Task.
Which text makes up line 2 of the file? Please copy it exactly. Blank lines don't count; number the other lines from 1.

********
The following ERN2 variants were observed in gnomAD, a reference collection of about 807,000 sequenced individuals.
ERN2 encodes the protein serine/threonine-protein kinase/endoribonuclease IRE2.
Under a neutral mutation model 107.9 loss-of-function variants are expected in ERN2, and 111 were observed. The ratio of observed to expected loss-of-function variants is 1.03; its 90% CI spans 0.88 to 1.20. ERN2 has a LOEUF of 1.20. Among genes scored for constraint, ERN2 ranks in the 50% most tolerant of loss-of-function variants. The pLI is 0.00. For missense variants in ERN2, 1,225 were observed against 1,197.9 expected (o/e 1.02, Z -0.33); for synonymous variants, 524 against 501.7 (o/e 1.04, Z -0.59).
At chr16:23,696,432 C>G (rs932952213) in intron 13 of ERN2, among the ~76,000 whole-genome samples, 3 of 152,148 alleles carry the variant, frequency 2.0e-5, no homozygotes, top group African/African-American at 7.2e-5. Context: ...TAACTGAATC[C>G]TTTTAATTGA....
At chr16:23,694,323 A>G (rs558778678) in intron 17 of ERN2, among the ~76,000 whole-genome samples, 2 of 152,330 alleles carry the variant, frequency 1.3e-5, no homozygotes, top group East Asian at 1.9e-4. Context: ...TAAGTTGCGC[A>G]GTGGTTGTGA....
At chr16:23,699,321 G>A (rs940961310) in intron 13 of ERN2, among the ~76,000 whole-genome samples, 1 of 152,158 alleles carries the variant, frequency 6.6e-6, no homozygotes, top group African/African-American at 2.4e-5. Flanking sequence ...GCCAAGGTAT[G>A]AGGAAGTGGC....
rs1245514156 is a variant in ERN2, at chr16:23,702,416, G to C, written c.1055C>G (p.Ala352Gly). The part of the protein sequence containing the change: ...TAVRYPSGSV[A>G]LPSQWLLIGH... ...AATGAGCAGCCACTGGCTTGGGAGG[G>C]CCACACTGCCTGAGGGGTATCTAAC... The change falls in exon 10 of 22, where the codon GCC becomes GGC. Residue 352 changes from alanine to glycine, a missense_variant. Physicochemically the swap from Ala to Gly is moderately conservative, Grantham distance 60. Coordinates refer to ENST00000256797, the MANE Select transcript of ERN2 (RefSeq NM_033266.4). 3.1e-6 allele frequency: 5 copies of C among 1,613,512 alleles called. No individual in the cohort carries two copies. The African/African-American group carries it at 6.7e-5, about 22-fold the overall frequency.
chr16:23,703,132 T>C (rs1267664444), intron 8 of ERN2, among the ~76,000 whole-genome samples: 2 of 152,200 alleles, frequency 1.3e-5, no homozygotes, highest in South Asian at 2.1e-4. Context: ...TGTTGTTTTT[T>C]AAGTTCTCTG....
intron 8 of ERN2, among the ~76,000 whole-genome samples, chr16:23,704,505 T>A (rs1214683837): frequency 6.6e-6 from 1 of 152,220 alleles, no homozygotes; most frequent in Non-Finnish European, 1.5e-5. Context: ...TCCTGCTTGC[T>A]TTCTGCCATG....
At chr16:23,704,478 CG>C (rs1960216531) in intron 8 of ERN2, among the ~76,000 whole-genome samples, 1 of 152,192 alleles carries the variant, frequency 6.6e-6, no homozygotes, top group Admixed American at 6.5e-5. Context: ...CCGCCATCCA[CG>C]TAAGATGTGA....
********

ERN2 encodes the protein serine/threonine-protein kinase/endoribonuclease IRE2.